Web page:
Ask any Jew to describe the miracle of Hanukkah, and this is what you will hear: The miracle was that a cruse of oil, sufficient for only one day, miraculously lasted for eight nights.
Dig deeper into the historical significance of Hanukkah, and this is what you will hear: The miracle was that a tiny army of Judean guerillas, led by the Maccabees, were able to defeat the mightiest army of the time – the Syrians/Greeks.
But, if you dig even deeper, you will discover this: The miracle was that this small band of Judeans, faced with the most sophisticated and powerful culture of its time – Hellenism – was able to achieve both a military and a cultural victory, in which the way of Torah survived.
Or, let me put it to you this way: Had the Greeks succeeded in crushing the way of Torah, Judaism would have died, even in its very cradle. No Judaism; no Christianity, and perhaps no Islam. The Abrahamic faiths would have disappeared.
Therefore, the victory of the Maccabees was the most decisive victory – militarily, religiously, and culturally – of the ancient world.
The Maccabees and other Jewish loyalists successfully stood up to the Hellenists, and they said two words.
“Yes” – to our culture.
“No” – to Hellenism. (Of course, it was not really that simple. Neither was the “no” as strident as we might imagine. The Jews did not totally reject Hellenism. They incorporated Greek words into Jewish life; as I wrote earlier this week, they used Hellenistic literary forms; they used Greek patterns of thinking and interpretation.)
But, out of the Maccabean victory emerged an uncanny Jewish ability — to confront a dominant culture, and to say, at least partially, “no.”
That is how Judaism became a counter-cultural phenomenon. Jews are different, because Judaism is different. It is baked into the very idea of kadosh — holy, set aside, intrinsically different.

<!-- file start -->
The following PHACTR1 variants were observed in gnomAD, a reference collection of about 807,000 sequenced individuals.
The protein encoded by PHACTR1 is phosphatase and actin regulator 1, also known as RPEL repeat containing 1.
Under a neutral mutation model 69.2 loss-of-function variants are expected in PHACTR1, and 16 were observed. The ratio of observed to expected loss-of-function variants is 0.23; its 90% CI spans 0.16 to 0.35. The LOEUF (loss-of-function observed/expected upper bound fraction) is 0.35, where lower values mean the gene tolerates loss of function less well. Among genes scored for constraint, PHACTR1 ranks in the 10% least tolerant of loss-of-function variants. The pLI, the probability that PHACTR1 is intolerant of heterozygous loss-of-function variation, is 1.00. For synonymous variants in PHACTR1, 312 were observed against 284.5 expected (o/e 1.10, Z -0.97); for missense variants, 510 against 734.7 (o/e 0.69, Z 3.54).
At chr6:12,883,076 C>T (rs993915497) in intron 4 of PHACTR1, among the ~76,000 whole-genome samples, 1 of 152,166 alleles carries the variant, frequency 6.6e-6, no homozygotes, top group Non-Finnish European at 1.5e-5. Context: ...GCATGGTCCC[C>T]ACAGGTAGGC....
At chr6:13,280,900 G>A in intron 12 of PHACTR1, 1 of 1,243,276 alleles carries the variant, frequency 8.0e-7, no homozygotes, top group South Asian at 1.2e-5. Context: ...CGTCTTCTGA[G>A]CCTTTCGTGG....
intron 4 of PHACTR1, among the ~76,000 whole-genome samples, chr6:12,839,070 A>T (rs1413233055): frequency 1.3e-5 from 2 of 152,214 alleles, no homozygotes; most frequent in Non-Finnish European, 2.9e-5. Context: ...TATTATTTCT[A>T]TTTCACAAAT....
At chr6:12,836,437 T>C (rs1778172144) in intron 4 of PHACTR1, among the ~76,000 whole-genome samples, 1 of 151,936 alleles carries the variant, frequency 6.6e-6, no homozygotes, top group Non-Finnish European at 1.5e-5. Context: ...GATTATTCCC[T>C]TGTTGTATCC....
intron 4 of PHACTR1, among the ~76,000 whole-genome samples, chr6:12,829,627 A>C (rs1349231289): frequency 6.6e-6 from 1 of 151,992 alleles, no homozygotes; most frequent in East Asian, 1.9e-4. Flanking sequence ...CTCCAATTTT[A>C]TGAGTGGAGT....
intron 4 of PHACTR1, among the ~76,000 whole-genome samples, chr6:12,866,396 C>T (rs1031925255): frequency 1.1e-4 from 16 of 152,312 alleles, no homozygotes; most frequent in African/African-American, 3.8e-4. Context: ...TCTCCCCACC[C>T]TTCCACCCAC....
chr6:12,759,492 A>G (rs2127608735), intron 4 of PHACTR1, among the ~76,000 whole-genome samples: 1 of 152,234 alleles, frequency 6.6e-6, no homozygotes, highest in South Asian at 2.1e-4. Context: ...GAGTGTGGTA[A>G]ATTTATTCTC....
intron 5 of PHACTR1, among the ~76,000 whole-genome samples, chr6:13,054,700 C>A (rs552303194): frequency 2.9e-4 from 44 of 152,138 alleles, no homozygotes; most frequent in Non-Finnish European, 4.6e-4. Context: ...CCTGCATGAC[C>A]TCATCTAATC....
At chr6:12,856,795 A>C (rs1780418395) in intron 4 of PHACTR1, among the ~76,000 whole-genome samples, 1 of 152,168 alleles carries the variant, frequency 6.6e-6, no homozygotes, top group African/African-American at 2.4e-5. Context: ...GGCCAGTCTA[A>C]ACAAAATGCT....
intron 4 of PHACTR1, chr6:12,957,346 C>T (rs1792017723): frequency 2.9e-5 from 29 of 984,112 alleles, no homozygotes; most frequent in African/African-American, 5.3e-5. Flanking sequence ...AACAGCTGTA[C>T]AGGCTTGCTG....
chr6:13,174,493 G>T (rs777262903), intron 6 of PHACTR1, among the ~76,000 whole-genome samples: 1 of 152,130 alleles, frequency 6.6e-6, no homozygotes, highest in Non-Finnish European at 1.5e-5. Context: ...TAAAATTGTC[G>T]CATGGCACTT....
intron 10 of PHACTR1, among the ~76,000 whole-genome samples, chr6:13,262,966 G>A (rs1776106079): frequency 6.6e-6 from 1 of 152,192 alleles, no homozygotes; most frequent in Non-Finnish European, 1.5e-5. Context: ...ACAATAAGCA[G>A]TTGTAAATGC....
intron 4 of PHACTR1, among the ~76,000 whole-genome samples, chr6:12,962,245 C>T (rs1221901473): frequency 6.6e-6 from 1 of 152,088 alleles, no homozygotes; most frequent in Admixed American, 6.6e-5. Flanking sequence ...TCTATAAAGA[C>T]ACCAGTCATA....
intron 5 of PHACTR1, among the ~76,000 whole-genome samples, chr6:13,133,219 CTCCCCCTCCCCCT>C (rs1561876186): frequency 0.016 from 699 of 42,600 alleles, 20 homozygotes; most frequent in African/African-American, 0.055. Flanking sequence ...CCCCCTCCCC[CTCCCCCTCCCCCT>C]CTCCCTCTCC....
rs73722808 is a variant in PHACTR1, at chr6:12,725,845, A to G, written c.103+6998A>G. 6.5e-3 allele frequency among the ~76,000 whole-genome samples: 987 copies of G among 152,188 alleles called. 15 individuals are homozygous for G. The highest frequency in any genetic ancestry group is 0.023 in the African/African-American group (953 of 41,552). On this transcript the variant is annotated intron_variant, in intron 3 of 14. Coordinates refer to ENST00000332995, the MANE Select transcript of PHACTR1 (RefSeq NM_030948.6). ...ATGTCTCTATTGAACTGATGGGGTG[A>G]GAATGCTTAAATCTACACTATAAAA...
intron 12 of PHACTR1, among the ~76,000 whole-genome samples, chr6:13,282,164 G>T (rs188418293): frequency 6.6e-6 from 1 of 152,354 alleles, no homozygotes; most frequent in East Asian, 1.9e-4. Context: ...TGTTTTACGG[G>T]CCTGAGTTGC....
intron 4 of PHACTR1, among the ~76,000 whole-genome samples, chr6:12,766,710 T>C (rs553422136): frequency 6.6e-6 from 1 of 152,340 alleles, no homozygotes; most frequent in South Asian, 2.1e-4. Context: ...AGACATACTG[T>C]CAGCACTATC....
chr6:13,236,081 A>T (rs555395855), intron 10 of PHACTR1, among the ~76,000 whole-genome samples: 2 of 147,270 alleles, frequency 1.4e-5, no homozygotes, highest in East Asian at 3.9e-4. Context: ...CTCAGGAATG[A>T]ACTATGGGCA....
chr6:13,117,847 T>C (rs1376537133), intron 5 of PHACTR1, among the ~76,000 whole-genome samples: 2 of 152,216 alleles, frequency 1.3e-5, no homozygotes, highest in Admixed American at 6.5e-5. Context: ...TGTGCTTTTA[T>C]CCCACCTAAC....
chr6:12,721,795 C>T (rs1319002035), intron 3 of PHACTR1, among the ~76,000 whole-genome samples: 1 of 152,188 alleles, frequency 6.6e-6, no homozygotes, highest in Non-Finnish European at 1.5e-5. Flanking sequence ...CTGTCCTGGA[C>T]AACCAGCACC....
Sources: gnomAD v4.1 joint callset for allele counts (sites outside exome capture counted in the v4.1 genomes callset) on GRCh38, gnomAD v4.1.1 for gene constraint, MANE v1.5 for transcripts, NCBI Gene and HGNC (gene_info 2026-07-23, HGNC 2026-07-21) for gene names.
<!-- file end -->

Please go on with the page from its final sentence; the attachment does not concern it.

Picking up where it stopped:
Therein might lie the partial secret to antisemitism. The Jews exemplify difference.
Take the notion of time. There is a difference between Wednesday and Shabbat, and there is even a difference between “Saturday” and Shabbat. Jews bequeathed that notion of sacred time to her daughter religions – to Christianity and Islam – and yes, even to modern secular culture, in which some days are more important and “holier” than others, i.e., national holidays.
Nothing is more central to Judaism than Shabbat. For the Orthodox, this is easy; halacha (literally, “the way”) is the only way to observe Shabbat. It dictates the rules. The same is ostensibly true about Conservative Judaism.
There is a term for that: shomer Shabbat, to observe Shabbat – literally, to guard Shabbat. (I think of John Goodman’s character, Walter, in “The Big Lebowski” – a bowler, a convert to Judaism who doesn’t “roll on Shabbos!” and announces that he is “shomer f-ing Shabbat!”)
But, there is another way of doing Shabbat. Perhaps it is not as shomer, observant. Perhaps it means recalling the other biblical commandment about Shabbat—zocher Shabbat, remembering that it is Shabbat.
That act of remembering might produce its own commandments, though not in a strict halachic sense. For example: abstaining from consumer culture, driving to visit friends and family, exploring nature.
Jews have a different way of looking at places. The home is sacred. The holiest place in the home is the table. While we Jews have long ago abandoned a taste for ritual sacrifice, the table is actually a memory of the ancient altar in Jerusalem, where eating was a sacred act.
The synagogue is also a holy place. My complaint about American Judaism has always been that too many people view the synagogue as a museum, or even worse – a theater.